December 2012 is a time of change. Nothing to do with Mayans and calendars and all that, but the European Court of Justice (ECJ) has ruled that from then on gender can no longer be used as a factor when car insurance companies work out how much you pay. Although this is a step forward in terms of gender equality, it also means that premiums for both men and women will be affected, with lady drivers coming off worse.
Why worse off?
Well, it’s all to do with insurance risk statistics. For years women have enjoyed much lower premiums than men due to the insurance data that marks them out as significantly safer drivers. Ninety per cent of motoring offences are committed by men, and women tend to have less expensive accident claims too. These statistics have helped to give female drivers a well-deserved discount on their premiums, but now those statistics can no longer be used to work out how much you pay. As these rates begin to equalise, women will have to pay more for their car insurance (in the case of young female drivers, up to 30 per cent more). The equalising of rates also means that male drivers will likely receive a discount on their insurance, since the stats working against their gender will also be removed.
Dodge the bullet
With gender out of the equation, car insurance companies will have to look at other factors to make up a more accurate risk profile for their customers. This means that they could start putting more emphasis on certain other factors such as your occupation and the type of car you drive. Some have speculated that this will result in car insurance companies managing to dodge the bullet by offering discounts for cars that are statistically more likely to be driven by a woman or on an occupation where there are a high number of female employees. Whatever happens, the first few months or even years after this ruling takes effect will likely see car insurance prices going all over the place as insurers try to find the correct balance of rates.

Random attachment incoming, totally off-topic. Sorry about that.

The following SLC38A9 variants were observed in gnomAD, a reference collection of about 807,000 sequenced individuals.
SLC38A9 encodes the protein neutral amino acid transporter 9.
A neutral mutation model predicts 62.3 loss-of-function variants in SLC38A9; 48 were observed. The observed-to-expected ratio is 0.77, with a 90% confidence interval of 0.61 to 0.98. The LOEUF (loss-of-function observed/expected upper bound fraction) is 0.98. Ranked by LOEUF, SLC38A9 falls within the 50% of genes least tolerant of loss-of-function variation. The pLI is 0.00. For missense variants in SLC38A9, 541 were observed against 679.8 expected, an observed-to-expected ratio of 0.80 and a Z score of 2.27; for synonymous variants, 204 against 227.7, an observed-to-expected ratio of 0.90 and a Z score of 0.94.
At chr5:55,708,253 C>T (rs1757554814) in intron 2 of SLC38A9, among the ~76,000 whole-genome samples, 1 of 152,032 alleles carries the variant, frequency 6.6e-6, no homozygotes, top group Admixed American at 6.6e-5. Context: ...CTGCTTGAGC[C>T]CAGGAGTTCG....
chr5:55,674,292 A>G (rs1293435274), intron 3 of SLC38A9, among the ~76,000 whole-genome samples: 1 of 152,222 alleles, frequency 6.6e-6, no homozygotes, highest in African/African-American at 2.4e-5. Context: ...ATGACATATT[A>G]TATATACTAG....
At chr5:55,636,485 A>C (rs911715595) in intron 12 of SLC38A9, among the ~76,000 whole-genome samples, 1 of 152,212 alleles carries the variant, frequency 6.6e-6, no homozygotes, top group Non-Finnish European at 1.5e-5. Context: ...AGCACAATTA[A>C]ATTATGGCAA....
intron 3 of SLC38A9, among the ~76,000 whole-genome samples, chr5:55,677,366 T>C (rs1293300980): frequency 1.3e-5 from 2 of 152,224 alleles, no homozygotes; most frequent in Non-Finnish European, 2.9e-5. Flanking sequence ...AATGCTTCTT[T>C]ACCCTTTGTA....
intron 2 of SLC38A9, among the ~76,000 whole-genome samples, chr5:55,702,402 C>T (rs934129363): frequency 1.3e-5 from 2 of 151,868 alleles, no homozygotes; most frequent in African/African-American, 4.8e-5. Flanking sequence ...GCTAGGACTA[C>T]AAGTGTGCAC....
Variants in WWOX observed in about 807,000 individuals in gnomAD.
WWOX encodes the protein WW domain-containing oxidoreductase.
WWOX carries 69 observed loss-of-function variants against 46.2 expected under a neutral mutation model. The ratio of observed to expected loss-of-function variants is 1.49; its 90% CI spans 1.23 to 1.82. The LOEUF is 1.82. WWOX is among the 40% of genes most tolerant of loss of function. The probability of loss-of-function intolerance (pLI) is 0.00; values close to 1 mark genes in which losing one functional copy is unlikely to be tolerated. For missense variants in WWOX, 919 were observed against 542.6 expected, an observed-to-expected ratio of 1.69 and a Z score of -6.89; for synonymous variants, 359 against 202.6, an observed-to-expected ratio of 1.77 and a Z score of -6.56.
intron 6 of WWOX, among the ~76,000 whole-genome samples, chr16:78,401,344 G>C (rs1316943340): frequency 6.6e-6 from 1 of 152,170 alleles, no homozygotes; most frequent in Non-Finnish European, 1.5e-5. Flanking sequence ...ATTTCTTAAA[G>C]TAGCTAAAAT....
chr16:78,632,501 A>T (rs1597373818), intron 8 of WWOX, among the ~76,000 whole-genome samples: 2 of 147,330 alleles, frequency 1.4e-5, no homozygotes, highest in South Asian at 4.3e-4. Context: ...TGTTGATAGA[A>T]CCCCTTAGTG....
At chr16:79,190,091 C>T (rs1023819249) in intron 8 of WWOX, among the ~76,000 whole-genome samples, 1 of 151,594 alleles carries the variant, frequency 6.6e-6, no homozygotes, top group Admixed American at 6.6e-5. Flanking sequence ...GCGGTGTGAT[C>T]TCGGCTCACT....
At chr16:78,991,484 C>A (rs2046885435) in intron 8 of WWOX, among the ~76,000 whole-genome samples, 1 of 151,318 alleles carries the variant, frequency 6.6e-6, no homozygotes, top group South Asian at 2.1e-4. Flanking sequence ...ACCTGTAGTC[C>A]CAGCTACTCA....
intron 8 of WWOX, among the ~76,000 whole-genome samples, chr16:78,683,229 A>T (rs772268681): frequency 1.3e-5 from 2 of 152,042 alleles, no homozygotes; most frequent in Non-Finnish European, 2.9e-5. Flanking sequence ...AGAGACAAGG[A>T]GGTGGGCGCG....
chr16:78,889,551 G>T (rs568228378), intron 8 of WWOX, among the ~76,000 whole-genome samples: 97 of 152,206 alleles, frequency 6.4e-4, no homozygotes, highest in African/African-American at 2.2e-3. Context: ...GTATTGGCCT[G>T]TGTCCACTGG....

What can you do about it?
It’s a tricky one. Since no one really knows how much premiums will be affected by the ruling there’s no hard and fast rule. Those of you who are lucky enough to have your renewal date just before the ECJ ruling hits should mean that you’ll be able to enjoy another year free from these price hikes, as insurers won’t be able to change your rates suddenly once you’ve paid your premium. For the rest of you, it’s a bit of a gamble. Do you pay the cancellation fee and get a new policy in order to avoid any price increases, or do you let the chips fall where they may and renew as normal?
It’s going to be a crazy few months after the ECJ comes into play, so make sure that you’re not walking blind and taking whatever premium you’re given. Keep looking for a better deal, at least until the insurers find their feet.